Currency sales figures show growing demand for long haul destinations

Currency sales for some long haul destinations have jumped this year so far, figures from Post Office Travel Money show.

Sales of the Japanese yen are up 12% this year so far compared with the same period a year earlier, while sales of the Indonesian rupiah have increased by 9%.

The figures are based on Post Office bureau and online currency purchased for the period January 1 to April 23 2019 compared with the same period in 2018.

Post Office Travel Money said sales of these currencies have increased despite sterling weakening against them over the past year.

But it suggested relatively cheap living costs in some long haul destinations are attracting holidaymakers from the UK, despite the weakened pound.

It said there has also been a 44% year-on-year growth spurt for sales of the Trinidad and Tobago dollar, against which sterling has also weakened over the past year.

The biggest growth in currency sales this year so far has been for the Egyptian pound, which has seen a 687% year-on-year increase, despite sterling also weakening against this currency over the past year.

Consumer research for the currency provider suggests UK holidaymakers are now less concerned about exchange rates than they are about the costs they face once they reach their destination.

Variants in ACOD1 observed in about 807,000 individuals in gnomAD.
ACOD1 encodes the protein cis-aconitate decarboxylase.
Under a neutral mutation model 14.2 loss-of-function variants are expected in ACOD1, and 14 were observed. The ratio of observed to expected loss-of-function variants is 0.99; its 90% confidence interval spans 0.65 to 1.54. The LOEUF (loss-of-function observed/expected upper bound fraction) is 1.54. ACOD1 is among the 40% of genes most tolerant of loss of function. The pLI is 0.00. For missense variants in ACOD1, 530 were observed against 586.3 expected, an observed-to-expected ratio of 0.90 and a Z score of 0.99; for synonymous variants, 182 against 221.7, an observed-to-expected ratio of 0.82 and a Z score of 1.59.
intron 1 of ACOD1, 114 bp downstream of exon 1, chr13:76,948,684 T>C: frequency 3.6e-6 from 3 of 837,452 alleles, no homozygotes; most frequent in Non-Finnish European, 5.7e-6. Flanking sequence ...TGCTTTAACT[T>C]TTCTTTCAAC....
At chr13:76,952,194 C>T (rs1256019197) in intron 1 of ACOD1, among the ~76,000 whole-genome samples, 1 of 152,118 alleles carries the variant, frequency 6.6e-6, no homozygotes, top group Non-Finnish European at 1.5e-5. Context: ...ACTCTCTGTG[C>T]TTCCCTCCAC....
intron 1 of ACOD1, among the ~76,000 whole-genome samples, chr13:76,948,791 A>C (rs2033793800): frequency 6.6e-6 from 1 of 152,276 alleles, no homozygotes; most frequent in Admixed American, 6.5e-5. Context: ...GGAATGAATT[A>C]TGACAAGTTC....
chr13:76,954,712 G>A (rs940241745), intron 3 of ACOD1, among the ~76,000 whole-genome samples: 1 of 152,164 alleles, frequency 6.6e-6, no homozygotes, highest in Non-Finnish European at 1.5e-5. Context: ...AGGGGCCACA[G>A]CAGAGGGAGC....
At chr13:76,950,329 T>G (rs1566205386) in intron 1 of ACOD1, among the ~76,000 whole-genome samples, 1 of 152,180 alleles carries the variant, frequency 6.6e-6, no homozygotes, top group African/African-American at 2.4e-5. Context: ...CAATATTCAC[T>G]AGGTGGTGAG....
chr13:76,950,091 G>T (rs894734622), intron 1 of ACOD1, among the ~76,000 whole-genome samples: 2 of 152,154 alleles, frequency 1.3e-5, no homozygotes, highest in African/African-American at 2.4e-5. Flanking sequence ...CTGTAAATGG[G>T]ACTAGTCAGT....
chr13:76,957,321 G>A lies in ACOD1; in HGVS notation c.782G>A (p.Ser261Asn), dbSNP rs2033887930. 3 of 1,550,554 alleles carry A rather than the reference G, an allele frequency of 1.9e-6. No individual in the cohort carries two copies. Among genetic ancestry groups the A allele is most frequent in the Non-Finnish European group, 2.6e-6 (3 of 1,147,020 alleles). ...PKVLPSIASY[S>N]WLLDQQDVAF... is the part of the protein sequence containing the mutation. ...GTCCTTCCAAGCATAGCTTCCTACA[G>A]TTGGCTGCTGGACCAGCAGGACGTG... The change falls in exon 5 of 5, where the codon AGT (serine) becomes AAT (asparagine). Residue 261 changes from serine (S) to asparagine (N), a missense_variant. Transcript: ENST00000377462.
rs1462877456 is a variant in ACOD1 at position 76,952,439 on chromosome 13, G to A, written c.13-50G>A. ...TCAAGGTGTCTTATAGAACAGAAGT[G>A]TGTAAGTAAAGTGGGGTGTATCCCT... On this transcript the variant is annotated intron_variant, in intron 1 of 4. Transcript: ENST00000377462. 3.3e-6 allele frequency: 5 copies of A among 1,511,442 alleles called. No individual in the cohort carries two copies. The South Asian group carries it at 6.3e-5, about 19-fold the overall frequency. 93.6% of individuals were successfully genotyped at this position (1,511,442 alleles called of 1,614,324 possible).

Over three-quarters (77%) of over 2,000 people surveyed said resort costs for meals, drinks and other tourist items were a more important factor in destination choice, compared with only 55% who felt that sterling’s strength or weakness was the deciding factor.

Post Office Travel Money, which accounts for one-in-four UK currency transactions, said sterling has held its value in recent months, despite the continuing economic uncertainty.

In the past six months the pound has risen in value against three-quarters of the Post Office’s 40 bestselling currencies, including the euro and US dollar. It is stronger than a year ago against 20 of those bestsellers.

Sterling’s biggest year-on-year gain among the currencies looked at has been against the Turkish lira, giving holidaymakers the equivalent of £128 extra on a £500 currency purchase.

Nick Boden, Post Office head of travel money, said the prices of meals, drinks and other staples in resorts and cities can add significantly to consumers’ holiday costs, so these are becoming an increasingly important consideration.

He said: “Picking a destination where prices on the ground are low can outweigh the impact of a weak exchange rate but a destination where prices are cheap and sterling is strong is the best bet.”